MIKE WATT + THE MISSINGMEN “Thirty pieces of broken-up mirror / Stuffed in the head / Spilled out here,” Mike Watt growls on “Arrow-Pierced-Egg-Man,” the opening tune from the scrappy new Hyphenated-Man (on his own Clenched Wrench label). The terse lyrics of the album’s 30 songs recast figures from Hieronymus Bosch paintings as different facets of Watt’s personality, but despite that conceit it’s less grandiose and unified than the former Minutemen bassist’s two previous “operas.” Watt’s Missingmen are a trio—he’s joined by drummer Raul Morales and guitarist Tom Watson, a longtime cohort who played in Slovenly and the Red Krayola—and that format, combined with the two-minutes-or-less concision of the new album’s songs, can’t help but remind a Minutemen fan like me of Watt’s work with D. Boon and George Hurley. In the press materials Watt says that for many years after Boon’s death in 1985 he avoided even listening to his old band; he faced down that pain in 2005, when he decided to help the creators of We Jam Econo: The Story of the Minutemen. The punkish songs on Hyphenated-Man lack the melodicism Boon brought to the Minutemen, but they definitely sound like Watt’s tunes for the group—angular and gritty, with his voice running the gamut from avuncular to sea-captain gruff. That’s not to say it’s a backward-looking album: by reclaiming the musical mode that suits him best, Watt has become stronger and more unstoppable than ever. This concert, part of a typically relentless 51-city tour, is also part of the Chicago International Movies & Music Festival (see page 24); Small Awesome opens. At 7 PM Schubas will host a screening of We Jam Econo and a Q&A session with Watt; that’s $10, $5 if you have a ticket to the show afterward. 10 PM, Schubas, 3159 N. Southport, 773-525-2508, $15. —Peter Margasak
ROLLIN HUNT See Thursday. Goat Flower and Laughing Eye Weeping Eye open. 8 PM, 2130 W. 21st, roxaboxenminicastle.com, donation requested.
RALPH STANLEY Now 84, Ralph Stanley is one of the last living links to the earliest days of bluegrass, and while his voice has roughened around the edges and lost a good bit of its clarion tone, its soulfulness isn’t diminished at all. On his new album, A Mother’s Prayer (Rebel), he once again digs into the genre’s gospel repertoire, unearthing tunes that rarely turn up on recordings by younger bluegrass artists—including “John the Revelator,” a song made famous by blues preacher Blind Willie Johnson, which Stanley treats to a gripping a cappella take. That track is one of several to isolate Stanley’s voice, an instrument with an undeniable magnetism, and it’s these tunes that best convey his wisdom and intimacy with the material. Of course, the tracks with his band the Clinch Mountain Boys are also potent, especially when the group tackles vintage material—Stanley’s latest take on the standard “Are You Washed in the Blood of the Lamb” sounds as fresh and poignant as any I’ve heard. He first cut “Come All Ye Tenderhearted” more than 50 years ago, when he was playing with his brother Carter, and this version uses stark spoken passages and a bowed bass line intended to evoke the pealing sound of Uilleann pipes. Stanley’s advanced age is a good argument to see him before it’s too late, but his continued vitality is a much better one. Cherryholmes opens. 8 PM, Symphony Center, 220 S. Michigan, 312-294-3000, $20-$60. —Peter Margasak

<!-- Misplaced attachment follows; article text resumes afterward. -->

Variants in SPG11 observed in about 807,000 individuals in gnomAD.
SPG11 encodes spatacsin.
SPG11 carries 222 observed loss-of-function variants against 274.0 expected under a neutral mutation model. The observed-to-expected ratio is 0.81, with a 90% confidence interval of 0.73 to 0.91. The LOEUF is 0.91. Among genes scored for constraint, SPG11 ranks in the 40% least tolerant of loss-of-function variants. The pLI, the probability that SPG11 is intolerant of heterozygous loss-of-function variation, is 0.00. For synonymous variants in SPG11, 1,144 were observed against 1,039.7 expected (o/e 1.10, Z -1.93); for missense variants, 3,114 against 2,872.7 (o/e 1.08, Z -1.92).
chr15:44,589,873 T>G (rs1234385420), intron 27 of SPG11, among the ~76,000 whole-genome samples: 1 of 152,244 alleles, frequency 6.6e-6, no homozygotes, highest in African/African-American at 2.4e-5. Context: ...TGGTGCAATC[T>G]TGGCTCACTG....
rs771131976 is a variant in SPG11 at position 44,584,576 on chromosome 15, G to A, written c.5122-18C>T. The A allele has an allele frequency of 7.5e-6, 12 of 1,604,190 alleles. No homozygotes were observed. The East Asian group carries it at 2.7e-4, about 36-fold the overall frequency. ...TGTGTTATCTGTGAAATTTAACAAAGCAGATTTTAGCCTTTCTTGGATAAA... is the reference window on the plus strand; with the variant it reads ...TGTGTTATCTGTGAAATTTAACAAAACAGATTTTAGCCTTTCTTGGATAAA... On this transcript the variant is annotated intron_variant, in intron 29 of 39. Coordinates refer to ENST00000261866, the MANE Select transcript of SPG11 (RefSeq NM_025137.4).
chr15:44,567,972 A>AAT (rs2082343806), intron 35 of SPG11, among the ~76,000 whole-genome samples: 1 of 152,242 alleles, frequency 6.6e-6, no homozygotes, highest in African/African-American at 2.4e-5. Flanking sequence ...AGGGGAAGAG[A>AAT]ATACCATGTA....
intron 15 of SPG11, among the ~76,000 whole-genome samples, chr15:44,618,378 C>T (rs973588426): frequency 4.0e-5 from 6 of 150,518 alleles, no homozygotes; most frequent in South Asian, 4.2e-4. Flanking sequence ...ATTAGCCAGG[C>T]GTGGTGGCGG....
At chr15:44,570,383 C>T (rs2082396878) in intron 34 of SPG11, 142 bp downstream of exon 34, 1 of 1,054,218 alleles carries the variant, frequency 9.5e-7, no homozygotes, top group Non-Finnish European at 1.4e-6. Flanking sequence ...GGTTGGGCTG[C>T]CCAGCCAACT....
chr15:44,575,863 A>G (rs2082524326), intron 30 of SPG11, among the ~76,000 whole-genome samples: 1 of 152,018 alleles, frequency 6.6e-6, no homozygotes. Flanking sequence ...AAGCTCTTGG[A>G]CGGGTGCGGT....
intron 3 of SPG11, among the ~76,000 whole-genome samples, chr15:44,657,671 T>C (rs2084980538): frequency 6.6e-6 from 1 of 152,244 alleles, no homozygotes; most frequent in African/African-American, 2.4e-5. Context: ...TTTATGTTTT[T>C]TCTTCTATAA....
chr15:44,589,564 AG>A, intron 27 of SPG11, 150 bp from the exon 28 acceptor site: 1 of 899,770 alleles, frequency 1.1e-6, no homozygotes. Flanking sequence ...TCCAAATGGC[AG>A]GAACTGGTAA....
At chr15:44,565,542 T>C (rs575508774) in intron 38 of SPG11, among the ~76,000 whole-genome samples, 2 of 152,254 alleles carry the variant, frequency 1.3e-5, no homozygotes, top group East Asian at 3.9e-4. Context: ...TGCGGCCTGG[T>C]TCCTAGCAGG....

LUC VAN ACKER, PAUL BARKER, AND CHRIS CONNELLY I always wondered how execs for the Revco chain felt about the Revolting Cocks and their fan-favorite nickname, RevCo; there’s probably a whole generation of kids who giggled every time they bought condoms at one of those drugstores. Helmed in turn by several members (heh) of the Wax Trax! family, this lewd and rude industrial band had a great run from the mid-80s through the early 90s, and has been active in spurts (heh) as recently as last year; their never-duplicated aesthetic proved that “Eurotrash” and “redneck” can be blended with unforgettable results. For this show, part of the three-day Wax Trax! Records Retrospectacle, key former RevCo players Luc Van Acker, Paul Barker, and Chris Connelly will reach into the back catalog for RevCo’s best-loved pieces of Parents Music Resource Center bait; after all, none of these guys are actually on 2010’s Got Cock? (13th Planet), which is just as filthy as the band’s classic albums but not as funny. My Life With the Thrill Kill Kult headlines; the Blue Ribbon Glee Club plays first, followed by Van Acker, Barker, and Connelly. Tonight’s DJs are Peter Kent, Leroy Fields, Jeff Pazen, Bud Sweet, Jena Max, and Greg Haus. See also Sunday. 8 PM, Metro, 3730 N. Clark, 773-549-0203, sold out, 18+. —Monica Kendrick